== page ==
If you wonder by Marshall Field's errrr Macy's on State Street today, you'll see some pretty cool windows being displayed that celebrate the Macy's Flower Show that takes place on the 9th floor. Gotta be honest...if the windows are any indication, the show must be spectacular. The window above is on the Randolph Street side (right around the corner from State) and focuses on the American Southwest. Pardon the glare, but if you look closely, you'll see a bunch of cacti and succulents in a wide array of shapes/sizes. It made me stop in my tracks to peek at.
And below is the northern-most window on State Street that highlights 'The City' and features a little rooftop balcony scene with pots and a bunch of tropicals.
They've created these 'cards' on their site that show the 8 different areas. Here are three of them to show you how well they're done. The Pacific Northwest Wonderland. The Vast Southwest. And the Shining Northeast Shores are three of the eight.
The show ends April 2nd, but if you have time, a stop on the 9th floor of the store seems like something worth doing!
Earlier this winter, I wrote about the old Lou Malnati's menu and mentioned that as I was waiting around for my pie to finish up, I spied an old Chicago Tribune article posted on the wall that included the original Lou Malnati's Italian Salad Dressing Recipe. The Tribune reporter called it "prized". We were set to host a little pizza party over the weekend, so I figured I'd give it a shot. Here's the article as seen through my mobile phone's camera. I'm not a wine drinker, so the fact that the recipe called for Burgundy wine didn't strike me as odd. I went shopping at Angelo Caputos in Addison - a really incredible shopping experience - and when I got to the wine section I found Burgundy wine was carried ONLY in those HUGE jugs. And they were dirt cheap. The only issue is that needed just 4 ounces. We ended up with a whole-lotta-wine that Nat won't drink. I've taken the recipe and modified it a bit by eliminating the percentage
Trying to put down a marker in the lawn diary that I feed the front yard a couple bags of this new Milorganite competitor from Menards called e-Corganite . It is a 4-3-O 'eco-friendly' product that carries all of the claims that Milorganite does in terms of being heavy in iron, being non-burning and slow release. Right before Memorial Day Weekend, I threw down two full bags of this fertilizer on the front lawn, the parkway and the 'between two driveways' turf. I bought five bags, but when I decided to put down a synthetic weed and feed in the backyard about a week ago , I held off on spreading any of this in the backyard. Here's what the bag looks like: For my record-keeping purposes, this is the third application to the front yard. First, I used a bag of Ironite on the front in mid/late April . Followed up by 1/3rd of the bag of Soil Mastery soil conditioner featuring biochar, humic acid, sea kelp and lime at the end of April . I'm going to do a seco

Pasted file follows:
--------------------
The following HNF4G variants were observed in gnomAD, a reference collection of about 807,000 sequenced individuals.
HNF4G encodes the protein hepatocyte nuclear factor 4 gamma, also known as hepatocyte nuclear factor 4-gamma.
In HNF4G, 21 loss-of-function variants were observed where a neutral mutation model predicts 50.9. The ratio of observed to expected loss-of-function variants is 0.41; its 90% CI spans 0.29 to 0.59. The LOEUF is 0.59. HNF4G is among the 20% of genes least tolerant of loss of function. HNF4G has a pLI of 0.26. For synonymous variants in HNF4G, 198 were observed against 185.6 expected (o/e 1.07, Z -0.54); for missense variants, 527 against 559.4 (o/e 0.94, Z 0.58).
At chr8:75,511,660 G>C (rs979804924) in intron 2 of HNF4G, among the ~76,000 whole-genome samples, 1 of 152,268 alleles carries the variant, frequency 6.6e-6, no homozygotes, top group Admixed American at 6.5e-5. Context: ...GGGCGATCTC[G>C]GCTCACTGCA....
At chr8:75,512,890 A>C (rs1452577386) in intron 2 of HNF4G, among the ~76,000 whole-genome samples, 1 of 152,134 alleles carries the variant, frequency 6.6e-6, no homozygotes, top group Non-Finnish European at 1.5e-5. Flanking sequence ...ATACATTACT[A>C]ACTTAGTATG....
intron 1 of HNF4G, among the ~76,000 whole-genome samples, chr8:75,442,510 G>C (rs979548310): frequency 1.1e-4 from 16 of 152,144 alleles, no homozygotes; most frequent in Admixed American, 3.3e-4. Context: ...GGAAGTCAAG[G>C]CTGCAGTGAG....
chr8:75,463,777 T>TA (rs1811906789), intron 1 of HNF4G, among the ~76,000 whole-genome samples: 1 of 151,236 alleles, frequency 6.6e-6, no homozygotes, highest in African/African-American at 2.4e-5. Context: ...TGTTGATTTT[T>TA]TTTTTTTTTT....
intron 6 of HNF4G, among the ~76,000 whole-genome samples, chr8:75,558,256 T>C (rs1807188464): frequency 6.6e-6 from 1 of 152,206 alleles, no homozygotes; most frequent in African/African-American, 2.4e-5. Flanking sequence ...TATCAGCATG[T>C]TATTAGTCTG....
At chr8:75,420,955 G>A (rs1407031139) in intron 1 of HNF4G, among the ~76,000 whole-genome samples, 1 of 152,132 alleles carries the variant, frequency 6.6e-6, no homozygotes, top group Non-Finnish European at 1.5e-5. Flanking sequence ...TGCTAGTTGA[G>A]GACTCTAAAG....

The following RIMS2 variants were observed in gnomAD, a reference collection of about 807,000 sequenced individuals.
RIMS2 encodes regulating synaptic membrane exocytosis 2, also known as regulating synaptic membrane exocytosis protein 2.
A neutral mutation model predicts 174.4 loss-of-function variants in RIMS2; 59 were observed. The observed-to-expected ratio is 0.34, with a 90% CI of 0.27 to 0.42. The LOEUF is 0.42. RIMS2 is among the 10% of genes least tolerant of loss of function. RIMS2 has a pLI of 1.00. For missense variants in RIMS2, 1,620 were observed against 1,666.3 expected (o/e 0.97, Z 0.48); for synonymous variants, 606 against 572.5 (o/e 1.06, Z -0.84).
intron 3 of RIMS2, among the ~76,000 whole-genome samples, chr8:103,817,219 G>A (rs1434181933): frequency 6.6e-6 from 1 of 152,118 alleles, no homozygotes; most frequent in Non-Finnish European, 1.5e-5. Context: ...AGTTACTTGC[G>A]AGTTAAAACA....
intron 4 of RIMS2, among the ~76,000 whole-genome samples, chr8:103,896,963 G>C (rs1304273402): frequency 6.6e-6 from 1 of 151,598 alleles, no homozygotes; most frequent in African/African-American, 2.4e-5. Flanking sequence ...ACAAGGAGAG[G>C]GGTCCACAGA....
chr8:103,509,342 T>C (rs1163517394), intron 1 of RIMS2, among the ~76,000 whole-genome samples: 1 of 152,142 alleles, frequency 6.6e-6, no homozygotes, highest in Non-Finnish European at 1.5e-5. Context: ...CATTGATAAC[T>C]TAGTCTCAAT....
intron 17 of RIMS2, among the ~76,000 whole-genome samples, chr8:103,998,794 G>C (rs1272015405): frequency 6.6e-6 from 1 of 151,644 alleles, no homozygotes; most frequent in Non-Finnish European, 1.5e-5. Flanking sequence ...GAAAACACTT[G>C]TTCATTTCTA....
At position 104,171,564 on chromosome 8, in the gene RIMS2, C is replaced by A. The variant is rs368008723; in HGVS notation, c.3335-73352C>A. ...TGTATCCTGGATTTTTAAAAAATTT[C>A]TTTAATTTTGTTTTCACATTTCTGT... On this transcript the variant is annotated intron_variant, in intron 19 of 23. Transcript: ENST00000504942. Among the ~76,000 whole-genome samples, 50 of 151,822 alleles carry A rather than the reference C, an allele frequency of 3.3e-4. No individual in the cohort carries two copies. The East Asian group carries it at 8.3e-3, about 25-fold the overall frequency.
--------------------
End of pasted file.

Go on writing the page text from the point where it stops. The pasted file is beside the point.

I've written pretty extensively on my love of columnar trees here on the blog. We have this stand of eight Frans Fontaine European Hornbeams (that you see some of above) and have this Weeping White Spruce that I picked up this season in our yard. And I've posted multiple times about the columnar street trees of Tokyo over the years. My love of columnar, narrow trees is something I've think I've well established here. But, that doesn't mean that I know everything about them! Recently, I read a note from Amy in from Pretty Purple about her take on narrow trees and thought it was worth sharing here. Those of you who read the blog might remember Pretty Purple Door from my post earlier this year talking about tulip bulb colors and how she outlined some of the ways to make colors work together (add yellow!). In her post about narrow trees, she talks about how/why these trees work in suburban yards (space, duh!). She includes some varieties that are